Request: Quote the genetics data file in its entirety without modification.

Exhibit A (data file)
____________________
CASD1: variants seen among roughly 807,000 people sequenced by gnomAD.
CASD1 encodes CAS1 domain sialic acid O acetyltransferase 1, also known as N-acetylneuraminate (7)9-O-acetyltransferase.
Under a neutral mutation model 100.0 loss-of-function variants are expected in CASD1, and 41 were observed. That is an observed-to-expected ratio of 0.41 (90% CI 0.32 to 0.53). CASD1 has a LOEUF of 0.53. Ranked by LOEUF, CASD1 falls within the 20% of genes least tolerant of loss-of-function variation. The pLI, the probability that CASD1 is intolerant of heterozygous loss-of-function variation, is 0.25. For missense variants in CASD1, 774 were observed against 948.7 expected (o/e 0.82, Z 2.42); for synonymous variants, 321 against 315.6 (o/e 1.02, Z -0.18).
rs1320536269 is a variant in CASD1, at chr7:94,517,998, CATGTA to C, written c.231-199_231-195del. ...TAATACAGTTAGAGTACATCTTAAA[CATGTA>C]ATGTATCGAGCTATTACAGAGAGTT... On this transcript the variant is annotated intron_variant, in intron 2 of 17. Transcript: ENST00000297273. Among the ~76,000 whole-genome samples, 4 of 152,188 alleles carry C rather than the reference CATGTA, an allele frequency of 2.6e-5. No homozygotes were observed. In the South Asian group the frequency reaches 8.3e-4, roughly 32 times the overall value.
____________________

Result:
CASD1: variants seen among roughly 807,000 people sequenced by gnomAD.
CASD1 encodes CAS1 domain sialic acid O acetyltransferase 1, also known as N-acetylneuraminate (7)9-O-acetyltransferase.
Under a neutral mutation model 100.0 loss-of-function variants are expected in CASD1, and 41 were observed. That is an observed-to-expected ratio of 0.41 (90% CI 0.32 to 0.53). CASD1 has a LOEUF of 0.53. Ranked by LOEUF, CASD1 falls within the 20% of genes least tolerant of loss-of-function variation. The pLI, the probability that CASD1 is intolerant of heterozygous loss-of-function variation, is 0.25. For missense variants in CASD1, 774 were observed against 948.7 expected (o/e 0.82, Z 2.42); for synonymous variants, 321 against 315.6 (o/e 1.02, Z -0.18).
rs1320536269 is a variant in CASD1, at chr7:94,517,998, CATGTA to C, written c.231-199_231-195del. ...TAATACAGTTAGAGTACATCTTAAA[CATGTA>C]ATGTATCGAGCTATTACAGAGAGTT... On this transcript the variant is annotated intron_variant, in intron 2 of 17. Transcript: ENST00000297273. Among the ~76,000 whole-genome samples, 4 of 152,188 alleles carry C rather than the reference CATGTA, an allele frequency of 2.6e-5. No homozygotes were observed. In the South Asian group the frequency reaches 8.3e-4, roughly 32 times the overall value.